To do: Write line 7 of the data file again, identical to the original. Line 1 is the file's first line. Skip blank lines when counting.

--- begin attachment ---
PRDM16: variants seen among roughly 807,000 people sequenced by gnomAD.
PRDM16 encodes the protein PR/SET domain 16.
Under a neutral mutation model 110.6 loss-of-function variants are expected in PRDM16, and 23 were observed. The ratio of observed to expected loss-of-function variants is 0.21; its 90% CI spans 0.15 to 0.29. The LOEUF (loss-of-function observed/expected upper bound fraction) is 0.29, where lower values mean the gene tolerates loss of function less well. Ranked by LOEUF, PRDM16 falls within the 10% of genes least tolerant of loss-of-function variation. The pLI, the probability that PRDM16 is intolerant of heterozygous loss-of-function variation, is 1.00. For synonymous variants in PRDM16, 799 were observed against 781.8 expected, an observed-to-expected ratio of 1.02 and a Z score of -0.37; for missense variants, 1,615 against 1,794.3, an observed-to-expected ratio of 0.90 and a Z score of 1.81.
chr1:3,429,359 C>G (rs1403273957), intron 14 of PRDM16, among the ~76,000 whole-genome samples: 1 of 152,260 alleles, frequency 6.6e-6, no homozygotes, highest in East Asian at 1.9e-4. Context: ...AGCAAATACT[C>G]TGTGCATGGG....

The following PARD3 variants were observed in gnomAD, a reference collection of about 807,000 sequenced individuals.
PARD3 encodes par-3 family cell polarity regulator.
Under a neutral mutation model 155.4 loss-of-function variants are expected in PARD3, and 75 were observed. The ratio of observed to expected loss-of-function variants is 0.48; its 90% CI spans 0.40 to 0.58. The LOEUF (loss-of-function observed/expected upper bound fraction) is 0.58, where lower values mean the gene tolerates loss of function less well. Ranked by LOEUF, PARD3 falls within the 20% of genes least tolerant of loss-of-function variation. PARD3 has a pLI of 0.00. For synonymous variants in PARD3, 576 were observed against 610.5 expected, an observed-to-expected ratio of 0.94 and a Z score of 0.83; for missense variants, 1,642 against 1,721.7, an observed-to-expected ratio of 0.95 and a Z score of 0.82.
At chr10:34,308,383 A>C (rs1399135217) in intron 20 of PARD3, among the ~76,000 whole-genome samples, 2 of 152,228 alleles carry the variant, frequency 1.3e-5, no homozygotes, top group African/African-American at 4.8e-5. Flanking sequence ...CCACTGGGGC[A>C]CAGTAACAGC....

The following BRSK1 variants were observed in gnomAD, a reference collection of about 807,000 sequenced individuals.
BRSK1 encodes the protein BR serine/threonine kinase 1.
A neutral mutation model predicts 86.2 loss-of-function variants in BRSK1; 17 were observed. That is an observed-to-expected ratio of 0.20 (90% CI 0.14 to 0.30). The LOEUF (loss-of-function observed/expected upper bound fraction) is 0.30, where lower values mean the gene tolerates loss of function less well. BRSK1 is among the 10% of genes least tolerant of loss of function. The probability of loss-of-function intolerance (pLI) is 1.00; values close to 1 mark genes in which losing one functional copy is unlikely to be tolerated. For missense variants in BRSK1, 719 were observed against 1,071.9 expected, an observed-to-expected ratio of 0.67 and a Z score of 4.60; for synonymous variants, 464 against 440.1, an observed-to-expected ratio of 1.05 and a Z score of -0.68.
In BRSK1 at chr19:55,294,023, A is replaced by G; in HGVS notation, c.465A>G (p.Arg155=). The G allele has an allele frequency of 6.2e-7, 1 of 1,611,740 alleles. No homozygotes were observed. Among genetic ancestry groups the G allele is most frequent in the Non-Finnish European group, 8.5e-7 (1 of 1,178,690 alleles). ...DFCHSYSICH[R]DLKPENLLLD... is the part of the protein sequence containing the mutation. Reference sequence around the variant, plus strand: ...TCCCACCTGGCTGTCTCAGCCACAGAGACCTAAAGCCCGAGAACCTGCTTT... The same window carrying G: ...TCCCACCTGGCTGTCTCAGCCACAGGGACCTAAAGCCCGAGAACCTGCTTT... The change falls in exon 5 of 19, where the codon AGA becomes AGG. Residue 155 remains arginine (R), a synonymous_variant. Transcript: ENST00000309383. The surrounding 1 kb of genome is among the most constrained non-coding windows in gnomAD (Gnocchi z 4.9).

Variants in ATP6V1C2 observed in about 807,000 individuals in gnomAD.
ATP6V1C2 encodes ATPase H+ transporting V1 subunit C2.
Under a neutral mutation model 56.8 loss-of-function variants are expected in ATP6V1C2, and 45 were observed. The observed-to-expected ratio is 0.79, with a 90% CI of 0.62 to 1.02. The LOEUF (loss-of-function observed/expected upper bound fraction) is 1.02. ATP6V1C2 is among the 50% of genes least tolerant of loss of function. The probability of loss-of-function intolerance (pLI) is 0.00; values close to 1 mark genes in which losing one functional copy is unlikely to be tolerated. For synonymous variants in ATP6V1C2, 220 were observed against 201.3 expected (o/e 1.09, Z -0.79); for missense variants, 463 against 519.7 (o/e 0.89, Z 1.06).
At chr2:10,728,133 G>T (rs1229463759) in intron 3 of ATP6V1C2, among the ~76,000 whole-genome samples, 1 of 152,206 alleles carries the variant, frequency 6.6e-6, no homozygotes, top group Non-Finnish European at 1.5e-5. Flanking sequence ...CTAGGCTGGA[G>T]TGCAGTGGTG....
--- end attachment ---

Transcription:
Under a neutral mutation model 155.4 loss-of-function variants are expected in PARD3, and 75 were observed. The ratio of observed to expected loss-of-function variants is 0.48; its 90% CI spans 0.40 to 0.58. The LOEUF (loss-of-function observed/expected upper bound fraction) is 0.58, where lower values mean the gene tolerates loss of function less well. Ranked by LOEUF, PARD3 falls within the 20% of genes least tolerant of loss-of-function variation. PARD3 has a pLI of 0.00. For synonymous variants in PARD3, 576 were observed against 610.5 expected, an observed-to-expected ratio of 0.94 and a Z score of 0.83; for missense variants, 1,642 against 1,721.7, an observed-to-expected ratio of 0.95 and a Z score of 0.82.